Pig dissections come around like clockwork every year in the Saint Joe community. Whether it be from the excitement of Mrs Gergely, or the smell of chemicals that throughout the entire school, everyone knows that the pigs are in. But this activity appeared to have hit a roadblock this year. A roadblock in the shape of Covid-19. Switching modes so frequently had put dissections on permanent hold.
Every year the anatomy students at Saint Joseph High School look forward with anticipation to an experience like no other: pig dissections. It is well known throughout the school as with it, comes a certain smell that stinks up the entire school. Many students dread this smell, but to some it doesn’t bother them.
Anatomy student Alex Custer offers this opinion, “You know the smell really isn’t that bad, it just smells like a bunch of chemicals mixed together. You just have to look past it and try and focus on the work that needs to be done.”
The smell isn’t the only thing that can make students feel queasy though. The sight of the dead pig that they are about to dissect can also make people’s stomach churn. Mrs Gergely tries to ease students minds and lets them have a “meet and greet,” with the pigs so they can name them, and draw on the bags that the pigs are in.
“I haven’t had anyone get sick while doing dissections so please don’t be the first.”
Students would frequently ask Mrs Gergely if she was still doing dissections this year. She repeatedly told them she didn’t know. She did not want some students to miss out on the opportunity to take part in this educational activity, but Gergely worried that they would start the dissections and then would be interrupted because the school would transition back into an all-online schedule. With the announcement that the school would be going to mode 1 for the remainder of the semester, Gergely ordered them immediately.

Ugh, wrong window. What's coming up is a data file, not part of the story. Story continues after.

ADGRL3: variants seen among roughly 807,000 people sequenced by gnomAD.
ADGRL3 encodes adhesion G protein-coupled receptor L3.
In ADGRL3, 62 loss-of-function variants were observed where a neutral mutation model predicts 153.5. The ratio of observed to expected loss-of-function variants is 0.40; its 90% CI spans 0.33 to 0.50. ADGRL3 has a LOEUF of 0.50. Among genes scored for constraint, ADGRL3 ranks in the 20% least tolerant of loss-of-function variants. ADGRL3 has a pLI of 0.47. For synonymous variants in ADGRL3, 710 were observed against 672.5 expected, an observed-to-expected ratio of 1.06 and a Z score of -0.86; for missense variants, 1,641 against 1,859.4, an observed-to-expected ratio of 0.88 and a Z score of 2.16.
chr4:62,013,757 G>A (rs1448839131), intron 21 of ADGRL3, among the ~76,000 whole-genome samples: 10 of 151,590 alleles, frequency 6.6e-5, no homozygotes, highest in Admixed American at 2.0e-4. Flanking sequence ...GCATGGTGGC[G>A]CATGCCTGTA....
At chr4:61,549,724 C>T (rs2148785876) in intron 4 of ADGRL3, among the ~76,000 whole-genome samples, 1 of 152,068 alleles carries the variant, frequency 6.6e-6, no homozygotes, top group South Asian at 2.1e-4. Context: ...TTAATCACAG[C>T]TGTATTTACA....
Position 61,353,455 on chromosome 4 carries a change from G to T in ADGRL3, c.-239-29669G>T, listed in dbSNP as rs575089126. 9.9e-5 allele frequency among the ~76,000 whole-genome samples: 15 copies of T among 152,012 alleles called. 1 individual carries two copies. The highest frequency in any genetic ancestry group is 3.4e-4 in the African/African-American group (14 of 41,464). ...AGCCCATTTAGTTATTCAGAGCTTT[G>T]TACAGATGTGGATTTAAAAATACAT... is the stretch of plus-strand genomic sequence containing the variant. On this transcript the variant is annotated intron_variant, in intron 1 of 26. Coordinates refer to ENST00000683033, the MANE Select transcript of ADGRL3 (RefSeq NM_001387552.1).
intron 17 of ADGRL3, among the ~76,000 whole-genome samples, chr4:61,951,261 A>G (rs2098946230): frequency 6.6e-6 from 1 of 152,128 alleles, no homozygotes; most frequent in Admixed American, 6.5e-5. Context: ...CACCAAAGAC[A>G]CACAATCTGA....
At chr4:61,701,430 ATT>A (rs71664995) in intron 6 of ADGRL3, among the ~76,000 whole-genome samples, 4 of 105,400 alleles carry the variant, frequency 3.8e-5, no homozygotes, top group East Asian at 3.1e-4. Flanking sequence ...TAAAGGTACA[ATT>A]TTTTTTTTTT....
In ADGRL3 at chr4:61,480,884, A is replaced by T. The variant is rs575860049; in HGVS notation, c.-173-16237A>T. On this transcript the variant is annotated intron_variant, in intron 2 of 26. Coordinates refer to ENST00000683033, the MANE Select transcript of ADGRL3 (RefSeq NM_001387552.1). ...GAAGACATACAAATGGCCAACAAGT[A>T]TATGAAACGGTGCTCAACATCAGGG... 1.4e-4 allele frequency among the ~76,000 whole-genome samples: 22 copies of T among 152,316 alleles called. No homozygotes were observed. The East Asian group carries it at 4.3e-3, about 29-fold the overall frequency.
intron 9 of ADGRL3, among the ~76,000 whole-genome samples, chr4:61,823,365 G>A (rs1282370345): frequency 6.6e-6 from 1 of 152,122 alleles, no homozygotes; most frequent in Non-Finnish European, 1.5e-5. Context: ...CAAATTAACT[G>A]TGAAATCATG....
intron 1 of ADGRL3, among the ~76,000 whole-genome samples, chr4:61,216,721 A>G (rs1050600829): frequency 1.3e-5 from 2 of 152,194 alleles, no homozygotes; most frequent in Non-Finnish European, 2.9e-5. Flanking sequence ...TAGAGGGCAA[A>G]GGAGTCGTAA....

The first thing that each class did with their pigs was have the meet and greet. Mrs Gergely calls every person to go and pick out their pigs. Honors anatomy students each get their own pig, but regular anatomy students share pigs. This was risky because, if one student had to be quarantined, their partner would be left alone, and would not be able to do everything that the other students could do. After the students choose their pigs, they must design their bags. This is a fun, helpful way to ease the stress of students who are still nervous to cut open their pigs.
Mrs Gergely explains, “Most students who think they are going to be sick beforehand fell much better about the dissections after the meet and greet.
A spike in contacting tracing has forced Mrs Gergely to halt dissections currently.
“As of right now dissections are cancelled, the reason being there are too many students missing to justify continuing.”
So, will dissections start back up once this outbreak is controlled? Or is this year’s dissection doomed, to never be finished? Only time can tell, but all of Mrs. Gergely’s anatomy students hope that they resume soon.